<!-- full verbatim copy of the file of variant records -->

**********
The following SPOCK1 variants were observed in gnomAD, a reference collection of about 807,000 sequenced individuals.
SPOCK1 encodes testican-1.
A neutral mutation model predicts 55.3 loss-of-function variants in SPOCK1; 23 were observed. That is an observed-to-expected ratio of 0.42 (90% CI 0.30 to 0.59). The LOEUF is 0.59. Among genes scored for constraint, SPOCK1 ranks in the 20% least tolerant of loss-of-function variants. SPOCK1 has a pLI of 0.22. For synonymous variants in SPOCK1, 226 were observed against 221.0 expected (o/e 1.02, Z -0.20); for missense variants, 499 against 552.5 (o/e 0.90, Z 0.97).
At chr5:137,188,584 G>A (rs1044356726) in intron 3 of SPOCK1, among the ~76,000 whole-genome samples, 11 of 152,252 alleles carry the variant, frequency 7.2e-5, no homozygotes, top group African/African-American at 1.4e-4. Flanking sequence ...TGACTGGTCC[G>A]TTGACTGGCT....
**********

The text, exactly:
The following SPOCK1 variants were observed in gnomAD, a reference collection of about 807,000 sequenced individuals.
SPOCK1 encodes testican-1.
A neutral mutation model predicts 55.3 loss-of-function variants in SPOCK1; 23 were observed. That is an observed-to-expected ratio of 0.42 (90% CI 0.30 to 0.59). The LOEUF is 0.59. Among genes scored for constraint, SPOCK1 ranks in the 20% least tolerant of loss-of-function variants. SPOCK1 has a pLI of 0.22. For synonymous variants in SPOCK1, 226 were observed against 221.0 expected (o/e 1.02, Z -0.20); for missense variants, 499 against 552.5 (o/e 0.90, Z 0.97).
At chr5:137,188,584 G>A (rs1044356726) in intron 3 of SPOCK1, among the ~76,000 whole-genome samples, 11 of 152,252 alleles carry the variant, frequency 7.2e-5, no homozygotes, top group African/African-American at 1.4e-4. Flanking sequence ...TGACTGGTCC[G>A]TTGACTGGCT....